THE Yate parents of a man who dedicated himself to raising thousands of pounds for charity despite suffering from a brain tumour have paid tribute to their ‘brave and wonderful son’.

Brian and Pauline Meek told the Gazette their son Ian had joked and smiled to the end. Ian, who was diagnosed with a tumour 18 years ago, lost his fight for life on August 1. He died at a hospice in Yorkshire, where he had moved some years ago, surrounded by his parents, wife Sally, 39, and three children Keisha, 20, Hannah, 18, and Samuel, 15. Ian’s mother Pauline, of Pitchcombe, said: "Ian deteriorated quite quickly in July and was admitted to a hospice where the staff kept coming in to see him because they thought he was so wonderful.

"With Ian, everybody said he was just a natural with people. He drew everybody in. Straight away the staff kept saying to us he is special."

Pauline, 67, and her husband Brian, 68, said watching Ian carry the Olympic torch through York in June was a moment they will never forget.

"He absolutely loved it," said Pauline. "It was a wonderful day. I had made a knitted torch and when I gave it to him, he burst into tears.

"We just take everything for granted but Ian never complained. We had some lovely days together, and other days he was very sleepy. But the day before he died we just knew."

The family held a birthday party for Ian on July 23, despite the fact he was actually born on February 13.

"He wanted another birthday," said his mum. "He said he knew he was going to die aged 42 and he wanted to be 43. He was so funny."

Ian, a former pupil at Rodford Primary School and King Edmund Community School (now Yate International Academy) was diagnosed with a benign tumour in 1994 ago after suffering a fit on the way home from a football match. Despite five major operations, the tumour turned malignant nearly three years ago.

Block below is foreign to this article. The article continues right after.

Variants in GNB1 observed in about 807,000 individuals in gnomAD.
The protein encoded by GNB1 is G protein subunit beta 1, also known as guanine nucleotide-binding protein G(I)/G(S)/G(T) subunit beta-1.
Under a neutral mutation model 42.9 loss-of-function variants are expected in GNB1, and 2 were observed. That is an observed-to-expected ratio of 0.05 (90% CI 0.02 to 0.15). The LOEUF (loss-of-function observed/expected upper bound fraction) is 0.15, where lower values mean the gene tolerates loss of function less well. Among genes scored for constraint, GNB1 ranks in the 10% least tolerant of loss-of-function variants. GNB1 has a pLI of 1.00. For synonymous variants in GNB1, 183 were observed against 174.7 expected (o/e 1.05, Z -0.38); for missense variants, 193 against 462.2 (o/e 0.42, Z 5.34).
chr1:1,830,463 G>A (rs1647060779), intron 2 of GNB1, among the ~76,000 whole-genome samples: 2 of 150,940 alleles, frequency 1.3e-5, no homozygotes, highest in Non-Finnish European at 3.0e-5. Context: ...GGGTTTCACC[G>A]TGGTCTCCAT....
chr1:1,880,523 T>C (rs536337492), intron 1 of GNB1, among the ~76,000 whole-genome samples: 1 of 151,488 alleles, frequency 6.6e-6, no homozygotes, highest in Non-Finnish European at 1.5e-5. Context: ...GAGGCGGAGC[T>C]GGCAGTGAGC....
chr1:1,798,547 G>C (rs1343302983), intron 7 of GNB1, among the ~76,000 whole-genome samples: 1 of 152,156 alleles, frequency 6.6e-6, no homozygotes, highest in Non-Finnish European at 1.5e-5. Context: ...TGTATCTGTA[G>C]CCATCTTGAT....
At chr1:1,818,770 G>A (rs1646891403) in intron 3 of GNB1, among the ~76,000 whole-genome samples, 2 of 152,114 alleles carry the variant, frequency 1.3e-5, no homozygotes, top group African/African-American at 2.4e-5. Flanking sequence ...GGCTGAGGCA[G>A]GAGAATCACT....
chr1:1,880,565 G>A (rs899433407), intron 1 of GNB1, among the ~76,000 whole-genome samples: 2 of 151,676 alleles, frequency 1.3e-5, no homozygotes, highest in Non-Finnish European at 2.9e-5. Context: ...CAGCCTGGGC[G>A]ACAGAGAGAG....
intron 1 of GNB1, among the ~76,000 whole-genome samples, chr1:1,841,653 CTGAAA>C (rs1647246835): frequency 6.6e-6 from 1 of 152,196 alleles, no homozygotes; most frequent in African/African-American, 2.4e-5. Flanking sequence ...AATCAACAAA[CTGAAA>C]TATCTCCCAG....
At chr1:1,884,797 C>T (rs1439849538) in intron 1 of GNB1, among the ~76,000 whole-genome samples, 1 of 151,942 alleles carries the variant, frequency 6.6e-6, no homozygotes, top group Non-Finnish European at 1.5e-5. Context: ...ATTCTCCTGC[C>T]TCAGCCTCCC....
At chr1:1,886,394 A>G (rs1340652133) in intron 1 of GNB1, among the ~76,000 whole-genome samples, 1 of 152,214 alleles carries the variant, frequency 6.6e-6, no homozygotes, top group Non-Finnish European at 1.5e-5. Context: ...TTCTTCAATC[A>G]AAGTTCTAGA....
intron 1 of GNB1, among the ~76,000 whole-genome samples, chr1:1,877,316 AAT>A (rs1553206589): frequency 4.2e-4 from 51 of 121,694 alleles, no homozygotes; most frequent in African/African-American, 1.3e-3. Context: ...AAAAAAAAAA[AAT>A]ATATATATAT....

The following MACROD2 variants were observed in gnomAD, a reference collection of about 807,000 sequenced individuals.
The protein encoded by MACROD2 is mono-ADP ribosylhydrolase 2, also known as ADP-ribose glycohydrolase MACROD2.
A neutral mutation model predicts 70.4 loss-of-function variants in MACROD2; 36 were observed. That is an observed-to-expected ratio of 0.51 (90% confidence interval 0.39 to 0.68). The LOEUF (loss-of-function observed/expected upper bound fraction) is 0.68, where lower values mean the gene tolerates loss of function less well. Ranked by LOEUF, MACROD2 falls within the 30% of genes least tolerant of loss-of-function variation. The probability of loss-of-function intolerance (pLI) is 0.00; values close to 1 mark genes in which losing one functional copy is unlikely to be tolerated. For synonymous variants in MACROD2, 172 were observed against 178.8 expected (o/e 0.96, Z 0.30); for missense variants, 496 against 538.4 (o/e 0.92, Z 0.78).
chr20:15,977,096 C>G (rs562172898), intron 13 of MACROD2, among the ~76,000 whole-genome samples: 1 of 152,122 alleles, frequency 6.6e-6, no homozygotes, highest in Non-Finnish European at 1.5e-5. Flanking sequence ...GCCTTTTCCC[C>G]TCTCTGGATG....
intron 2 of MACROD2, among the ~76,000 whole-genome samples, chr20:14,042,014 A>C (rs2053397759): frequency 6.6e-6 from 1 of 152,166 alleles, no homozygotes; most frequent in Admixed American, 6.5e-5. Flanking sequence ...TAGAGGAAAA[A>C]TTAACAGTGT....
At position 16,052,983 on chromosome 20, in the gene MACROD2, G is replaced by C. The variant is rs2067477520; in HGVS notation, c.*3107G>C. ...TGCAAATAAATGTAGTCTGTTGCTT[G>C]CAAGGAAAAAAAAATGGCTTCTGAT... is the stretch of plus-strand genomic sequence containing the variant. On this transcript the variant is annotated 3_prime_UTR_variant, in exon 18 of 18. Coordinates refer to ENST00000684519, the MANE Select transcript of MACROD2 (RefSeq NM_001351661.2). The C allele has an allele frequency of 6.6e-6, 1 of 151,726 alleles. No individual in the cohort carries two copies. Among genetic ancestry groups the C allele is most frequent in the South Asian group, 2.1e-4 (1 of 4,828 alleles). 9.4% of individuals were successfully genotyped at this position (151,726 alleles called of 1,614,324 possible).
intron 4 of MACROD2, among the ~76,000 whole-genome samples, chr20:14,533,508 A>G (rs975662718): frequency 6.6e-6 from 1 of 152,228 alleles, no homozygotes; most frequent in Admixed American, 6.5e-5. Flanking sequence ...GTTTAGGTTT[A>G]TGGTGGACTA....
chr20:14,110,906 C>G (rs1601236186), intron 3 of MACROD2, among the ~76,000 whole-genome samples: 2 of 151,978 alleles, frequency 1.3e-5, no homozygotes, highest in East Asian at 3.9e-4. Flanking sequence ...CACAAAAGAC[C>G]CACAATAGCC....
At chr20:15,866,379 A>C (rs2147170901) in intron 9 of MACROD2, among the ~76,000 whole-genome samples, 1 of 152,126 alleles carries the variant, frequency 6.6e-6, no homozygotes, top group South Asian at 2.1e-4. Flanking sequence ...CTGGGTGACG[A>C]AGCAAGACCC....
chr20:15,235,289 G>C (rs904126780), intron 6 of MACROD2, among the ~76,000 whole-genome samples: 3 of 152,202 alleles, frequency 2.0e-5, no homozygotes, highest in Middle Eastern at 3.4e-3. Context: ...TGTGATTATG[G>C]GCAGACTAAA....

But Ian dedicated his remaining time to raise money for Brain Tumour Research and Support across Yorkshire (BTRS) and under the name Meeks’ Feats, he collected more than £100,000 to fund a research student at the University of the Leeds for three years.

He was known for wearing a T-shirt inscribed with the words ‘When you are diagnosed with cancer, don’t think about the things you can’t do, dream and do the things you can'. Events he organised included a group of 61 supporting completing the 3 Peaks challenge in 2010 and a 200-mile bike ride from Bristol to Yorkshire.

Several of his friends were in the process of cycling from Land’s End to John O’Groats when he passed away and as part of his funeral service, they accompanied the hearse on their bikes in a touching reminder of Ian’s fundraising achievements.

Said Pauline: "He said if things don’t go right, and he knew they wouldn’t, he wanted an annual charity bike ride set up in his name. That has been done and the aim now is to raise another £100,000.

"We are so very proud of him."

A thanksgiving memorial service is to be held at St Nicholas Church in Abbotswood, Yate on Saturday, September 8 (3pm). All who knew Ian are welcome to attend.